Oh Jeez your deafness is astounding. Now I'm an adult these things don't mean a single thing to me, but when I was an insecure immigrant kid growing up in England, subject to constant taunts in the schoolyard of "wog" and "chocolate-face", getting into (and usually losing) fights when I had the nerve to push back, IT'S NOT THE SAME. When your teachers (nuns to boot) call you by saying "Come here Blackie!", when the most popular comedy on telly is Alf Garnett, when you are constantly hearing snide comments that remind you of your alleged inferiority - yes we got a little "too clever" from time to time. It is NOT the same thing as "you in reverse".

I might add that England is a far far cry from what it was in those bad old days, you cannot "whitewash" UK's recent history, it wasn't always the so-called inclusive country it now claims to be.

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#9 Jan 25, 2019 10:14 pm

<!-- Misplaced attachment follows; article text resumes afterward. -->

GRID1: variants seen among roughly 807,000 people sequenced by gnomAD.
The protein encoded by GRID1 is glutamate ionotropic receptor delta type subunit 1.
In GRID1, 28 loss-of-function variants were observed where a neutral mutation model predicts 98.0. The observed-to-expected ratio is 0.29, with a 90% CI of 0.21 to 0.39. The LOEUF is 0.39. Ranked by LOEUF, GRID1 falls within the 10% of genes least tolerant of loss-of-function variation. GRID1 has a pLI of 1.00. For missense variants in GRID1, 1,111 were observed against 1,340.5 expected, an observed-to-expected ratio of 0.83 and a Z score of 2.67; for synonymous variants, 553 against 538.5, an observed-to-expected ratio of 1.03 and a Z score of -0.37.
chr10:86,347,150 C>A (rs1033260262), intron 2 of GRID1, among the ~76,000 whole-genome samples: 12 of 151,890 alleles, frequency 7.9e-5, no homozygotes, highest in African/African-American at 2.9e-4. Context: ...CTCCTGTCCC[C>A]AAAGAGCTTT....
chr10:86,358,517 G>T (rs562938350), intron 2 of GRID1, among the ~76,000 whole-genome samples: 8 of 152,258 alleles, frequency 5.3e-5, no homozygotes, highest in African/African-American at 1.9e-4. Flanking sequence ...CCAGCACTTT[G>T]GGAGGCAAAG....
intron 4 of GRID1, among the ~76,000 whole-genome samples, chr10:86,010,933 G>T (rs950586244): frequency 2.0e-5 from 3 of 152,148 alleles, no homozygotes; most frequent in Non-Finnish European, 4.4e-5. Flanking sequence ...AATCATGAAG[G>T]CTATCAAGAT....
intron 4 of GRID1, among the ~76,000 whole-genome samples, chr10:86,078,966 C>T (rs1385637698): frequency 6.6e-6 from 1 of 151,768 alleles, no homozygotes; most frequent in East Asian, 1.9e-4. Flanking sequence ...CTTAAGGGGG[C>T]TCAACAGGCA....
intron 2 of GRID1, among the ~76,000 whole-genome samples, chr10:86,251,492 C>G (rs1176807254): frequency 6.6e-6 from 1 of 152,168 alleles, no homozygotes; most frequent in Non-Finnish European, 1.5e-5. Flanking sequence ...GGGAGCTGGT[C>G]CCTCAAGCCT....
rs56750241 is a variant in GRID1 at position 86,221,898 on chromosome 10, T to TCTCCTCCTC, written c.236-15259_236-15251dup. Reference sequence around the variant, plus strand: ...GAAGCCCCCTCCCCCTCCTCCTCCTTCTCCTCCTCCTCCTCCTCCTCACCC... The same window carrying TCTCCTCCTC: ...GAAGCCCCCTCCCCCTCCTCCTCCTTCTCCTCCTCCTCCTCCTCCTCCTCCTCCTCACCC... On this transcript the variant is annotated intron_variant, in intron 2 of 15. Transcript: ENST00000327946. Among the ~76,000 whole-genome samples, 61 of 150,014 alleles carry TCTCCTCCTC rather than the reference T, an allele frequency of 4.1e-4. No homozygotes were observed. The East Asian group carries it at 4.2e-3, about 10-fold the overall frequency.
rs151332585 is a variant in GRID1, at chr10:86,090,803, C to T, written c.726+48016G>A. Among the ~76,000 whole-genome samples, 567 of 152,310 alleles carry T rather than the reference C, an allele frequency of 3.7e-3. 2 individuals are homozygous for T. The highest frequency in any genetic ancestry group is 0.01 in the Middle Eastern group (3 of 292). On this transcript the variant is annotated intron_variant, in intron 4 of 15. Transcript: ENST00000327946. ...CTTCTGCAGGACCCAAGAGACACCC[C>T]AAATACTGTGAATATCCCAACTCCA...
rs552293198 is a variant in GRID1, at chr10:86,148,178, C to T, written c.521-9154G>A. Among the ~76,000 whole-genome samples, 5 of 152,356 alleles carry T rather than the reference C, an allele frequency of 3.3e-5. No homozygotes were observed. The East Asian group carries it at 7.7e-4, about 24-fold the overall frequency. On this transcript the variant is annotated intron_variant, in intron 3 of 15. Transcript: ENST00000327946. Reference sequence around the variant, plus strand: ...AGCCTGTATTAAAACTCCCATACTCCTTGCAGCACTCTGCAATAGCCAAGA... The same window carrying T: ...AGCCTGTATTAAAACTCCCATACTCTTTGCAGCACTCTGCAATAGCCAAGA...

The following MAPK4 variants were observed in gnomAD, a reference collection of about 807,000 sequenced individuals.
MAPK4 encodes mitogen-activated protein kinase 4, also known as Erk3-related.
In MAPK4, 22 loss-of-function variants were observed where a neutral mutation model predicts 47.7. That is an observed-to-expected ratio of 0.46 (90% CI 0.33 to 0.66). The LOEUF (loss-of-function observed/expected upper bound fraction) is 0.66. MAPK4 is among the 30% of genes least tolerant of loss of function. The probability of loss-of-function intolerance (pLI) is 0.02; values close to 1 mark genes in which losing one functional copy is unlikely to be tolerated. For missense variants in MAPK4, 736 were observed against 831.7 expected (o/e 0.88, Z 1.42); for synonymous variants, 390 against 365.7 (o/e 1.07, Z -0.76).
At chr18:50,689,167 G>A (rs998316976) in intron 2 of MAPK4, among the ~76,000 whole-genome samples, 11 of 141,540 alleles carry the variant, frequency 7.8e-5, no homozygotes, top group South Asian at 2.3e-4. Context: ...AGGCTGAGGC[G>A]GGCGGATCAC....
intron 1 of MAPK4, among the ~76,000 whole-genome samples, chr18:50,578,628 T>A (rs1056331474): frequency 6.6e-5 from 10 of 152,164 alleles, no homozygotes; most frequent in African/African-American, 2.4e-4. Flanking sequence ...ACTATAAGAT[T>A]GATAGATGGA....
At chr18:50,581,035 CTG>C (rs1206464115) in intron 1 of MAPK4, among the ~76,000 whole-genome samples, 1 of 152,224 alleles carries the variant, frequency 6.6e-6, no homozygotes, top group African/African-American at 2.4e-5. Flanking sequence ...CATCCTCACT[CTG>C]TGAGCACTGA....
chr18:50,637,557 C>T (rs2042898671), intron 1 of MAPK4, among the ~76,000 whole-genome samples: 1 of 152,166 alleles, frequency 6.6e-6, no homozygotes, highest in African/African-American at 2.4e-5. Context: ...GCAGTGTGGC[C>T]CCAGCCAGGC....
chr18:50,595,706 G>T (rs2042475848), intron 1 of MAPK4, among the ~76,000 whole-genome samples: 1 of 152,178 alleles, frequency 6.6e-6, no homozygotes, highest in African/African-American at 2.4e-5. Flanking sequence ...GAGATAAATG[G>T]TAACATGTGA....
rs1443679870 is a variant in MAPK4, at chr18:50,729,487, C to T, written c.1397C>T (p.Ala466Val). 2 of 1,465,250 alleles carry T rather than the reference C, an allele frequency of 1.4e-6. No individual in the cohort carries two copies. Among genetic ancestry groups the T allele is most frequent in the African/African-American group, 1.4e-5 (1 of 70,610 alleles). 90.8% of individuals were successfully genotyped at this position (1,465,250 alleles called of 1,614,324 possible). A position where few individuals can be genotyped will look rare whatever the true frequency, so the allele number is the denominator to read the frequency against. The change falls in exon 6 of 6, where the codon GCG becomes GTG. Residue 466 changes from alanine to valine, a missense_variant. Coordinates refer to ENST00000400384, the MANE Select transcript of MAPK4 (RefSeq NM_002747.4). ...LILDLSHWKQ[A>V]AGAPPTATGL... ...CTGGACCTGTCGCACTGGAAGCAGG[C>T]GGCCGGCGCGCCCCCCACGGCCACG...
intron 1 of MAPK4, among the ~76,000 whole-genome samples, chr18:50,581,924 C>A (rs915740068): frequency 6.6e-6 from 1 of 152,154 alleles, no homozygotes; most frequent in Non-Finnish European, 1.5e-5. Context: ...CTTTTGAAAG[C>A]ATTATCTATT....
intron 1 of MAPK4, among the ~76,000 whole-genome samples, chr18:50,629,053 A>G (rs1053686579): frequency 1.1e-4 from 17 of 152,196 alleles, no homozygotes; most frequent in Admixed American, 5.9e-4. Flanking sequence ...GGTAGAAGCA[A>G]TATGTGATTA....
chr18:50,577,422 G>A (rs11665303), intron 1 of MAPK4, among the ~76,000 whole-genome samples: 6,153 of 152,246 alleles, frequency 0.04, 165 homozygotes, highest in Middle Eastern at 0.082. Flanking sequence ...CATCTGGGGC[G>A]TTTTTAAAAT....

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Re: The Ignoramus

New Historian wrote:

Oh Jeez your deafness is astounding. Now I'm an adult these things don't mean a single thing to me, but when I was an insecure immigrant kid growing up in England, subject to constant taunts in the schoolyard of "wog" and "chocolate-face", getting into (and usually losing) fights when I had the nerve to push back, IT'S NOT THE SAME. When your teachers (nuns to boot) call you by saying "Come here Blackie!", when the most popular comedy on telly is Alf Garnett, when you are constantly hearing snide comments that remind you of your alleged inferiority - yes we got a little "too clever" from time to time. It is NOT the same thing as "you in reverse".

I might add that England is a far far cry from what it was in those bad old days, you cannot "whitewash" UK's recent history, it wasn't always the so-called inclusive country it now claims to be.


I would not attempt to deny you some of what will undoubtedly have been unpleasant experiences. But we have to deal with what you wrote, and I responded to that. Maybe you have to put in some kind of disclaimer, or claimer so that we can judge every event by what may or may not have happened outside our ken.